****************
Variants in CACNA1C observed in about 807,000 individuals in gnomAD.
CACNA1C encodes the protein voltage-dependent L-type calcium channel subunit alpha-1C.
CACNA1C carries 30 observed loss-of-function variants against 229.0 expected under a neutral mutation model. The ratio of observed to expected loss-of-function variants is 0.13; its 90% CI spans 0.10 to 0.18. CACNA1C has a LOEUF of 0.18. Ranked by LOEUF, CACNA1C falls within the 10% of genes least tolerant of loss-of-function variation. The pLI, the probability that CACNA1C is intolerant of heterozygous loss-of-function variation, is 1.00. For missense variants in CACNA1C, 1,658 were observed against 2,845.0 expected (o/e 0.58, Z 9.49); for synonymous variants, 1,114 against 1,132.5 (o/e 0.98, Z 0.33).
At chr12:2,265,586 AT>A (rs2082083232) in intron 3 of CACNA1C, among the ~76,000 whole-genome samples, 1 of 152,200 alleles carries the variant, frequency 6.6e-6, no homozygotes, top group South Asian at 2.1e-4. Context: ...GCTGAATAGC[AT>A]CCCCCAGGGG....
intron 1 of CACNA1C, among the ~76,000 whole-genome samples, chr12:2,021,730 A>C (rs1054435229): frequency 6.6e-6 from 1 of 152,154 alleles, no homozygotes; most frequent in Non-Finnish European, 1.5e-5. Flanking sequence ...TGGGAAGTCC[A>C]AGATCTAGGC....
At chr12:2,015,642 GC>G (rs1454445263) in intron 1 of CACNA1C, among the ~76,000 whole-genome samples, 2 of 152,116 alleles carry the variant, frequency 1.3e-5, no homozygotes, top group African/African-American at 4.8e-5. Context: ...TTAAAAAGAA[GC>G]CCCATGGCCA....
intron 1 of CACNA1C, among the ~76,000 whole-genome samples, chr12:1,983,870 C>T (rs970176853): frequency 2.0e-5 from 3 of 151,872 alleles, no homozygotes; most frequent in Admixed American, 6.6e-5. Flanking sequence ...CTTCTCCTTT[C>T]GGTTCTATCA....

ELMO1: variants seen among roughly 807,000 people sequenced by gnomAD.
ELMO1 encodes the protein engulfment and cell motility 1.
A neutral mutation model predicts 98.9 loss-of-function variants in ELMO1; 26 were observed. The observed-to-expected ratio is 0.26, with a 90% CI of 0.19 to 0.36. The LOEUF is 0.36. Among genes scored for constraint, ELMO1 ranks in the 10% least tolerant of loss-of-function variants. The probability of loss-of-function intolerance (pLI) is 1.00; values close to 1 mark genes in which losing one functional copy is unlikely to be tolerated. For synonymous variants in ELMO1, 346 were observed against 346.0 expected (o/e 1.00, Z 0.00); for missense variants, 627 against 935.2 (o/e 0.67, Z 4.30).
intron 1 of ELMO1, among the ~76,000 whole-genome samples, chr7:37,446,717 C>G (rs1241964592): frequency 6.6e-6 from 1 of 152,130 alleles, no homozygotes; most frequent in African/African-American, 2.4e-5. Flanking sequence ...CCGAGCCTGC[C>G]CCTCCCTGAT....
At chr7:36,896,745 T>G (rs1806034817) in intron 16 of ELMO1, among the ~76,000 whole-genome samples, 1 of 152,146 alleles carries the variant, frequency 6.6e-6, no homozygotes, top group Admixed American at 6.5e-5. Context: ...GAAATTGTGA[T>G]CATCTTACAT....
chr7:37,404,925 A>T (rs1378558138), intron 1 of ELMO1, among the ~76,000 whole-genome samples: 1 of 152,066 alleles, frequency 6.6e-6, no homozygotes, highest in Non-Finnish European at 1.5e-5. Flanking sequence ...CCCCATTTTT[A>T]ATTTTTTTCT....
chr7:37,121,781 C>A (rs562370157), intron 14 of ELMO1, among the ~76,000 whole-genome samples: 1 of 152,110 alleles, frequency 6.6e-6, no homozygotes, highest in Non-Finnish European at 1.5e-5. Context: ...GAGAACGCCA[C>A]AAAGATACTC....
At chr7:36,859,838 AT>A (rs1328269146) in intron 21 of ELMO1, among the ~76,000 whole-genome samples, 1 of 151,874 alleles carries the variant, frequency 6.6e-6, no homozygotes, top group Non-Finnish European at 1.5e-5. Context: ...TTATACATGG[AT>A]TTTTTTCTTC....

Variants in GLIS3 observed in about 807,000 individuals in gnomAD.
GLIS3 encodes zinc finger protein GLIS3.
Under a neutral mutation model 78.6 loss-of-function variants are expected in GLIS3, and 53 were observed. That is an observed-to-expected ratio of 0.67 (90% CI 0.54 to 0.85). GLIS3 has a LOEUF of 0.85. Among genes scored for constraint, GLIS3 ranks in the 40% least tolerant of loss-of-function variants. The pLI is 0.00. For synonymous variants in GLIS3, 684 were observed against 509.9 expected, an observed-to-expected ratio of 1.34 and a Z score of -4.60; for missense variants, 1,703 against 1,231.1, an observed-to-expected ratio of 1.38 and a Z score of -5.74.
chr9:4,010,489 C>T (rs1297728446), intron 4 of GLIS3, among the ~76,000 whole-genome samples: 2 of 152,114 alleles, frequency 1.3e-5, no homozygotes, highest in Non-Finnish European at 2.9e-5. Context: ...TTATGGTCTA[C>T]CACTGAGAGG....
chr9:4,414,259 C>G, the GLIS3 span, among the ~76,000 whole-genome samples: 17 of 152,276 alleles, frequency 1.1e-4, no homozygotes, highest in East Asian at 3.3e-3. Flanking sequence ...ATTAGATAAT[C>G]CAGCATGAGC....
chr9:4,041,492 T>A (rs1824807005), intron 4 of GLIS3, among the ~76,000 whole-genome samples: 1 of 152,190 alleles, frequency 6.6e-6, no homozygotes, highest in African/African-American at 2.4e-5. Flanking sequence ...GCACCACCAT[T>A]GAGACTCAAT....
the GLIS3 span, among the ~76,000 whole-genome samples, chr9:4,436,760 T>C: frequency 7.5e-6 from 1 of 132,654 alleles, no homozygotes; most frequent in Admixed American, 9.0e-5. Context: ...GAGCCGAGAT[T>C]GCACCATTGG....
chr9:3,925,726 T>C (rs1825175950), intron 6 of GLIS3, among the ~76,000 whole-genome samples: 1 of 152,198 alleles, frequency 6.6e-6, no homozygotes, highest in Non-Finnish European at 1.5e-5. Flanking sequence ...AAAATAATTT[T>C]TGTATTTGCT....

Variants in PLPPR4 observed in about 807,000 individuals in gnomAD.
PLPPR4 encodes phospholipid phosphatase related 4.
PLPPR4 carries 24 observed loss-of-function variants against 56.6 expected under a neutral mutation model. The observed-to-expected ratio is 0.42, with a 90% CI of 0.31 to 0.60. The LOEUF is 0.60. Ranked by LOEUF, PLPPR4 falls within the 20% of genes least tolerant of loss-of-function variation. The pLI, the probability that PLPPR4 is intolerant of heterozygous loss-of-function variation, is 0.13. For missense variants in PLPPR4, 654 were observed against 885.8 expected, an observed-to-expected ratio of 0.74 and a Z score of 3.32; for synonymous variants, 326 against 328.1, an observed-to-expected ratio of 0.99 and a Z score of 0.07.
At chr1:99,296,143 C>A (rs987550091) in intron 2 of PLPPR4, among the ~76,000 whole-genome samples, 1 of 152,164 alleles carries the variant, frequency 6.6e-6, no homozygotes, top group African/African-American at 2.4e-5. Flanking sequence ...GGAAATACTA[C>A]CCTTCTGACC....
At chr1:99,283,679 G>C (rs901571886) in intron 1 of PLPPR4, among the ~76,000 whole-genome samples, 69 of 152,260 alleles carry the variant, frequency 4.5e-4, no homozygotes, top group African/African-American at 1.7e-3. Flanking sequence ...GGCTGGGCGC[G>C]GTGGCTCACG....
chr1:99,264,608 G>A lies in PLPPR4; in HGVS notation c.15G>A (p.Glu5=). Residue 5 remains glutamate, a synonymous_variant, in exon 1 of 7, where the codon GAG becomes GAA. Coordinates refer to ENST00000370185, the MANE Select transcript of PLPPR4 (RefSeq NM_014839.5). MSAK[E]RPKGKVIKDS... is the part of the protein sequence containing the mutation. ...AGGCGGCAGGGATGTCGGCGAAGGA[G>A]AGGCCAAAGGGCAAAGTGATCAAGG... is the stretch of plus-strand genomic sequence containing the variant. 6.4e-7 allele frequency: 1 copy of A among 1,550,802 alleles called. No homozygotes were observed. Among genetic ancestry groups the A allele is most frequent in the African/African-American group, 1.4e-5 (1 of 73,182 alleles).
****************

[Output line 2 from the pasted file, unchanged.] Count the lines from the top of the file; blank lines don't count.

CACNA1C encodes the protein voltage-dependent L-type calcium channel subunit alpha-1C.